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# 2: Statistics - Part 2

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Graphical descriptions of data are important. However, many times we want to have a number to help describe a data set. As an example, in baseball a pitcher is considered good if he has a low number of earned runs per nine innings. A baseball hitter is considered good if he has a high batting average. These numbers tell us a great deal about a player. There are similar numbers in other sports such as percentage of field goals made in basketball. There are also similar numbers in other aspects of life. If you want to know how much money you will make when you graduate from college and are employed in your chosen field, you could look at the average salary that someone with your degree earns. If you want to know if you can afford to purchase a home, you could look at the median price of homes in the area. To understand how to find this information, we need to look at the different numerical descriptive statistics that exist out there.

Numerical Descriptive Statistics: These are numbers that are calculated from the sample and are used to describe or estimate the population parameter.

Statistics that we can calculate are proportion, location of center (average), measures of spread (variability), and percentiles. There are other numbers, but these are the ones that we will concentrate on in this book.

• 2.1: Proportion
Proportions are usually calculated when dealing with qualitative variables.
• 2.2: Location of Center
• 2.3: Measures of Spread
The location of the center of a data set is important, but also important is how much variability or spread there is in the data.
• 2.4: The Normal Distribution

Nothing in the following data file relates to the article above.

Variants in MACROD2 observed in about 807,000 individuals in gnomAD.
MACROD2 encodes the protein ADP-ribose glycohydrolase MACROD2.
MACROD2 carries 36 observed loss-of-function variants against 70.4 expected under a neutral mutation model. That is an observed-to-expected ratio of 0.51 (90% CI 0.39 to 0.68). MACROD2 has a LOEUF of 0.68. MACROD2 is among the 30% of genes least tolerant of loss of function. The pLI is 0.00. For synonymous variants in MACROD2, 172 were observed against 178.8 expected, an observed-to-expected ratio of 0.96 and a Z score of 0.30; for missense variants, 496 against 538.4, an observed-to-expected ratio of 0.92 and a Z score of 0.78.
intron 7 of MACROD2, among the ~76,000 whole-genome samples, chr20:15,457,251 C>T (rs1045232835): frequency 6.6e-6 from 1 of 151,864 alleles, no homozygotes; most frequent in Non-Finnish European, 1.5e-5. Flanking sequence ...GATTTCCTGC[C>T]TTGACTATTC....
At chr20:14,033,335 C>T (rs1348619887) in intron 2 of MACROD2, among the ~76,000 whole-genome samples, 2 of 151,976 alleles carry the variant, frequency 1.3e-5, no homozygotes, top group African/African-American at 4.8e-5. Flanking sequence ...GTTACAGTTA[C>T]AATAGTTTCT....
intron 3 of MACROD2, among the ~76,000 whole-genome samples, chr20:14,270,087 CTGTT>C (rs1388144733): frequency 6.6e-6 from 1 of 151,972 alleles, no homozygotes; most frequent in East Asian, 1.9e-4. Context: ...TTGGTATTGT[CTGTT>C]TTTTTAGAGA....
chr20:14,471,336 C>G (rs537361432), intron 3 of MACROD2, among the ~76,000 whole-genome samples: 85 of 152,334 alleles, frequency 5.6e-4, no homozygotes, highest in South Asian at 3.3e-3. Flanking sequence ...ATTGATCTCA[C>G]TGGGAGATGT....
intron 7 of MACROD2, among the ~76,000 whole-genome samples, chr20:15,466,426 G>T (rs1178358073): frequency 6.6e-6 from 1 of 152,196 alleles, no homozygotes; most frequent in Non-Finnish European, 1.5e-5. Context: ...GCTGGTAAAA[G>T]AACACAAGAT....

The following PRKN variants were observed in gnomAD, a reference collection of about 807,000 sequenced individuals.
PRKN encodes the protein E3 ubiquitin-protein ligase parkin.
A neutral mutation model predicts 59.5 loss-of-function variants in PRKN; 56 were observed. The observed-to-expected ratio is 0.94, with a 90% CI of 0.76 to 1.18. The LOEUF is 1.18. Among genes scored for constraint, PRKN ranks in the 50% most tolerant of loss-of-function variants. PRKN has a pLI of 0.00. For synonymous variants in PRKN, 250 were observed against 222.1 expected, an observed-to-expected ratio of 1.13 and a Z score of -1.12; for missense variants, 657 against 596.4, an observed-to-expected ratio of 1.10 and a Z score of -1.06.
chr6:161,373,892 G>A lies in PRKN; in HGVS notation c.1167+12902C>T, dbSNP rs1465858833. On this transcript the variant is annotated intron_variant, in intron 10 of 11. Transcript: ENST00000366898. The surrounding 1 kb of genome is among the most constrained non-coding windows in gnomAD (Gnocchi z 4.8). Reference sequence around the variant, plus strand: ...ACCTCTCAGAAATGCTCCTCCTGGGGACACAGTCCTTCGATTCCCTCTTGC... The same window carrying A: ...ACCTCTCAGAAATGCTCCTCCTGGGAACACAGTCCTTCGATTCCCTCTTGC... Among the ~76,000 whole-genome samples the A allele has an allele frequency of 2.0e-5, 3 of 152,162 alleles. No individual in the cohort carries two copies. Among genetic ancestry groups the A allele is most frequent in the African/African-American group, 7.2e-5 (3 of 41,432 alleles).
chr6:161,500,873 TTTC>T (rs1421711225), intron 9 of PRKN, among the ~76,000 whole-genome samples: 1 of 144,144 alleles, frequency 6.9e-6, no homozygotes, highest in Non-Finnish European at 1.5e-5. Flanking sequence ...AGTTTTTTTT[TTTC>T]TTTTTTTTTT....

There is a special symmetric shaped distribution called the normal distribution. It is high in the middle and then goes down quickly and equally on both ends. It looks like a bell, so sometimes it is called a bell curve. One property of the normal distribution is that it is symmetric about the mean. Another property has to do with what percentage of the data falls within certain standard deviations of the mean.
• 2.5: Correlation and Causation, Scatter Plots
There are many studies that exist that show that two variables are related to one another. The strength of a relationship between two variables is called correlation. Variables that are strongly related to each other have strong correlation. However, if two variables are correlated it does not mean that one variable caused the other variable to occur.
• 2.6: Exercises

2: Statistics - Part 2 is shared under a CC BY-SA 4.0 license and was authored, remixed, and/or curated by Maxie Inigo, Jennifer Jameson, Kathryn Kozak, Maya Lanzetta, & Kim Sonier via source content that was edited to conform to the style and standards of the LibreTexts platform; a detailed edit history is available upon request.